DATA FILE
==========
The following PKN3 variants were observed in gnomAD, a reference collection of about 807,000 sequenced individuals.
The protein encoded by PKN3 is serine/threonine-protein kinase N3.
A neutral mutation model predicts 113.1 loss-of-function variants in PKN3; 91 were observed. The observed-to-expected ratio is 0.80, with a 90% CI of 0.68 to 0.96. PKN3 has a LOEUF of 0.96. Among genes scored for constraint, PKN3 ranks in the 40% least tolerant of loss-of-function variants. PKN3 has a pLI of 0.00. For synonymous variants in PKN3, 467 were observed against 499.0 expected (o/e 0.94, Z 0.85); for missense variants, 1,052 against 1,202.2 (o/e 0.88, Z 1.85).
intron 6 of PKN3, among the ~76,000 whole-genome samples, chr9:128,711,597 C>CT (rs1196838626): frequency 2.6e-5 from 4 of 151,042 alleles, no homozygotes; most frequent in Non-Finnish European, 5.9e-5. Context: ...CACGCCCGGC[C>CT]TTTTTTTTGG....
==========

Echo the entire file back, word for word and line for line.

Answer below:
The following PKN3 variants were observed in gnomAD, a reference collection of about 807,000 sequenced individuals.
The protein encoded by PKN3 is serine/threonine-protein kinase N3.
A neutral mutation model predicts 113.1 loss-of-function variants in PKN3; 91 were observed. The observed-to-expected ratio is 0.80, with a 90% CI of 0.68 to 0.96. PKN3 has a LOEUF of 0.96. Among genes scored for constraint, PKN3 ranks in the 40% least tolerant of loss-of-function variants. PKN3 has a pLI of 0.00. For synonymous variants in PKN3, 467 were observed against 499.0 expected (o/e 0.94, Z 0.85); for missense variants, 1,052 against 1,202.2 (o/e 0.88, Z 1.85).
intron 6 of PKN3, among the ~76,000 whole-genome samples, chr9:128,711,597 C>CT (rs1196838626): frequency 2.6e-5 from 4 of 151,042 alleles, no homozygotes; most frequent in Non-Finnish European, 5.9e-5. Context: ...CACGCCCGGC[C>CT]TTTTTTTTGG....